Preheat the oven to 350. Using a melon–baller, drop balls of dough 2 inches apart on a cookie sheet. Bake the cookies 10–12 minutes, until puffed. Cool the cookies on a wire rack.

A Cookbook Filled with Family Favorites and Age-Old Classics.

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I spent 30+ years in a cubicle, programming computers.  Late in my career, I began to notice that nobody cooked much anymore.  Everybody works now days and there’s so much to do after work that it’s just easier to head for fast food on the way home. These realizations inspired me to start writing down my family recipes.  Six years later, I had prepared and written up over 600 recipes that I had been collecting from family and friends over my lifetime.  All this cooking and typing made me want to encourage others to cook more or learn to cook and save all their family recipes, too.  I was inspired to learn more about the basic ingredients my family used and share that knowledge with my readers to help them feel more confident on their cooking journey.  And now Caveman Chemistry is ready for you.  Purchase my cookbook on http://www.lulu.com.  I know you will enjoy preparing and eating my family’s favorite dishes.

Valerie and Her First Book

Valerie and Her First Book

Awesome Oatmeal

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Don’tcha just love oatmeal?  It makes such a satisfying, cozy breakfast, the way it melts in your mouth and makes you feel all warm inside as you eat it.  I could eat oatmeal everyday.  And when I worked in a cubicle, I did.  Instant oatmeal is so handy and easy to make at work.  But, of course, its best use is what?  Oatmeal cookies!  Every variation of oatmeal cookie is good.  I’m going to share my family’s favorite recipe with you.  We make these cookies all the time.  They’re called:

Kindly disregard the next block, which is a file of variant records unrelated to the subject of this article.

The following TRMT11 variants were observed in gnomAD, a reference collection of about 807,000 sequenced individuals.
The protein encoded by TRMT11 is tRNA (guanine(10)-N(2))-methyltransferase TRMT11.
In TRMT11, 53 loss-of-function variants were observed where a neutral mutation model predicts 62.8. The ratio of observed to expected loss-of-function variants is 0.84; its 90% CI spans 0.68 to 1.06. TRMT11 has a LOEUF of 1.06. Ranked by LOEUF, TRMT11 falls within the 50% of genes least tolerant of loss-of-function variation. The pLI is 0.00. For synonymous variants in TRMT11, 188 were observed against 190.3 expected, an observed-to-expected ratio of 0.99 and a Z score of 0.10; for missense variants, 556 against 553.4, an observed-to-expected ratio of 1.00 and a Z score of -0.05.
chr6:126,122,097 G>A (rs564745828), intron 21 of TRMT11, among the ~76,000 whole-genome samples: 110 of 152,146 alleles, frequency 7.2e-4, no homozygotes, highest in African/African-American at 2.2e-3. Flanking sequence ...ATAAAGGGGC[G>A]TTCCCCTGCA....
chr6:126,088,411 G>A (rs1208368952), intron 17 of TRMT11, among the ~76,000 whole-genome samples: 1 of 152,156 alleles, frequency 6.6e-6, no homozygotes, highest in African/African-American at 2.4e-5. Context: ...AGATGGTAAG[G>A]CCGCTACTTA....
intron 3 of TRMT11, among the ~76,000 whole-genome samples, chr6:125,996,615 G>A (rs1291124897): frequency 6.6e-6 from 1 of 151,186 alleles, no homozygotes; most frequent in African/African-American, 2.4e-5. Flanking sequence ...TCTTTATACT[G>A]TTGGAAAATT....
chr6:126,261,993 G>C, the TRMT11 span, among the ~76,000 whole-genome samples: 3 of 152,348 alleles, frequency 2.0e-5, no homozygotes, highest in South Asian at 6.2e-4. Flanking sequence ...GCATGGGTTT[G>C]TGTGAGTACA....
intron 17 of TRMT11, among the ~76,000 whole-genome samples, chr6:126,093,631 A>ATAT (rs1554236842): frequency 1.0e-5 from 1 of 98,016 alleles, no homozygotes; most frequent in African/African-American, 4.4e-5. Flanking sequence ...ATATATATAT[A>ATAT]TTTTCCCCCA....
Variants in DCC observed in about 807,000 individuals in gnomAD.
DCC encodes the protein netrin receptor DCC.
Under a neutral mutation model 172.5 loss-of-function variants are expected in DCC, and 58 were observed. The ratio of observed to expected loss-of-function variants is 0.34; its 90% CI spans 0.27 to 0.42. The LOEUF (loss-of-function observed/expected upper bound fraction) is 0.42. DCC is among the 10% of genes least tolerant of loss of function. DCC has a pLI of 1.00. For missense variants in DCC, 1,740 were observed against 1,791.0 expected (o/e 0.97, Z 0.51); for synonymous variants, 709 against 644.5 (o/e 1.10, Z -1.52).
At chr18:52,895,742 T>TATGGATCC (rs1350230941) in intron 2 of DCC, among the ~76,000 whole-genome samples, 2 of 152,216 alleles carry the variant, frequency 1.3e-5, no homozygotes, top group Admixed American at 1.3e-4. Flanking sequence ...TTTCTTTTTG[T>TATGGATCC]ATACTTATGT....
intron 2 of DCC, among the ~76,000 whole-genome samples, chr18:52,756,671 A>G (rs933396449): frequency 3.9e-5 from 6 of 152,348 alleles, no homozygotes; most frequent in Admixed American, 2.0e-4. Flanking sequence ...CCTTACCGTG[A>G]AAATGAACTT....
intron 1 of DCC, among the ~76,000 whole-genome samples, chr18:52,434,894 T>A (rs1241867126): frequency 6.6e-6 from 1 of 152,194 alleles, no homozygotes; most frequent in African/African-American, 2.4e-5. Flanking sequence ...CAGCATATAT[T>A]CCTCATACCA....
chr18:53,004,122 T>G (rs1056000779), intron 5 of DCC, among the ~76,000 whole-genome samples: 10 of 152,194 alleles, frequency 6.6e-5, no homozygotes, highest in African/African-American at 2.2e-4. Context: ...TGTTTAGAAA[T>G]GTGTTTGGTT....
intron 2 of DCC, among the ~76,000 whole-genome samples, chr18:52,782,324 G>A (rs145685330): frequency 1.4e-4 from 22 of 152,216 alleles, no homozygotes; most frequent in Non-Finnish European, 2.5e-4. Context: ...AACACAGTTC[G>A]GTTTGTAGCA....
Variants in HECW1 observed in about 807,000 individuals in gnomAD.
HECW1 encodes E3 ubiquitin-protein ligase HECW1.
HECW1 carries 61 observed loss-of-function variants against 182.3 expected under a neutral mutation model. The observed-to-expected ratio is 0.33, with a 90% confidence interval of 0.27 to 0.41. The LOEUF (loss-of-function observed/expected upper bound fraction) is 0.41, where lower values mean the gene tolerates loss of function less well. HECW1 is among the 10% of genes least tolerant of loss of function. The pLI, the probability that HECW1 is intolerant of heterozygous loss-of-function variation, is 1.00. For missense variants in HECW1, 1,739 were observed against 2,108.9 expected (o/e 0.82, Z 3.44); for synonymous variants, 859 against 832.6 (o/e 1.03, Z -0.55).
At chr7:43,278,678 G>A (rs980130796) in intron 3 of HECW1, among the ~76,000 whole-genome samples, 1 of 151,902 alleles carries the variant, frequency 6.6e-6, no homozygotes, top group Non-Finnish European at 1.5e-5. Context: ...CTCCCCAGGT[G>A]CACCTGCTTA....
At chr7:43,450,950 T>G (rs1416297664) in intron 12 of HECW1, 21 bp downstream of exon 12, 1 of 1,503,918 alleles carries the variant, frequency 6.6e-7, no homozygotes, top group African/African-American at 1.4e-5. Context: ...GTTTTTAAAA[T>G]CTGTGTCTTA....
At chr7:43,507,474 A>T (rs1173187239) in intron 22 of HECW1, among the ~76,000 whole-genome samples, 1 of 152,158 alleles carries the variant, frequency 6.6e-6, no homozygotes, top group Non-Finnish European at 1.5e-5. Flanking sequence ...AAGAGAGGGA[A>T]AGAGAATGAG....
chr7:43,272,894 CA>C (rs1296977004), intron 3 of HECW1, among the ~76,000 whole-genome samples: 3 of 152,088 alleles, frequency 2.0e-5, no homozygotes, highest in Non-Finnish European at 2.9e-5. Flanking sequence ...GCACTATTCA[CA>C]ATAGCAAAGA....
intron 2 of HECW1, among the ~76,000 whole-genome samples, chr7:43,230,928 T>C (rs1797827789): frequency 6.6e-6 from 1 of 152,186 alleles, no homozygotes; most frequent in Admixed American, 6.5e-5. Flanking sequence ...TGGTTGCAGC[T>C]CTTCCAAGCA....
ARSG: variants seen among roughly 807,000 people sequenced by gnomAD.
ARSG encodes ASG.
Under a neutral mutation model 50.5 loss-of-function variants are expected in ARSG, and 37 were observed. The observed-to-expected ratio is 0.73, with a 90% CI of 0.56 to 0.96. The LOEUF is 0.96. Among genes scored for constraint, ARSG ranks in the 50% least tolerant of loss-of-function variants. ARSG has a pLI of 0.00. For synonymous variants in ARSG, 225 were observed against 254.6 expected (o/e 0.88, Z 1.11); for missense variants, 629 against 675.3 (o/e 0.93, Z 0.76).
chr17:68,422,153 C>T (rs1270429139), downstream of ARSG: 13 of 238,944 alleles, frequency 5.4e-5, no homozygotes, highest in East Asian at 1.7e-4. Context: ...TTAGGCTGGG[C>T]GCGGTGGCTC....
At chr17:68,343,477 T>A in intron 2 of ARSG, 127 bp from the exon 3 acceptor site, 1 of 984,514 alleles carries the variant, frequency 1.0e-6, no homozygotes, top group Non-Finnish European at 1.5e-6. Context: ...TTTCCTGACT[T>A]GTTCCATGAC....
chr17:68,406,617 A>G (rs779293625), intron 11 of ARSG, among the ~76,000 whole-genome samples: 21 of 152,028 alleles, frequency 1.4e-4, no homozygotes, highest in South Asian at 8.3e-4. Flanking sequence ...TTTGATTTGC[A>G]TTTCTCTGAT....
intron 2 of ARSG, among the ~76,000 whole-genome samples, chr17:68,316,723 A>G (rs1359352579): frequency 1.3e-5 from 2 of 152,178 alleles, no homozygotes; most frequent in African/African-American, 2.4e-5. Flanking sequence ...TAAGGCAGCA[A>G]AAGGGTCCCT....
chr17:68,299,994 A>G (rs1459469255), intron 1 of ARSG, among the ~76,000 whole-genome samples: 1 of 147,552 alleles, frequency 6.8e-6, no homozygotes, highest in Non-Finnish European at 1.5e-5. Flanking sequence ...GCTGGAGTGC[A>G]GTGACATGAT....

Oatmeal Crispies

1 – cup butter or margarine, softened 1½ – cups flour
1 – cup sugar 1 – teaspoon salt
1 – cup brown sugar 1 – teaspoon soda
2 – eggs 3 – cups quick cooking oats
1 – teaspoon vanilla ½ – cup chopped walnuts, optional

In a large mixing bowl with a mixer on low speed, cream the butter and sugars. Beat in the eggs and vanilla. Sift together the flour, salt and soda and stir them in by hand. Add the oats and nuts and stir until well blended. Form the dough into 3 logs, 2-3 inches in diameter. Roll each log in wax paper, and refrigerate the cookie dough overnight. It’s like making your own slice-n-bake cookie dough.
Preheat the oven to 375. Cut the cookie dough into ¼-inch slices and place the slices on a greased cookie sheet 2 inches apart. Bake the cookies for 8 minutes, until light brown. Even with nonstick cookie sheets, butter the cookie sheet every time. Cool the cookies on a wire rack or eat them warm out of the oven.
This recipe has been a huge family favorite for as long as I can remember. The cookies bake to a crisp, so they are great for dunking. Oatmeal Crispies also pack and ship well, for a surprise treat in someone’s mailbox.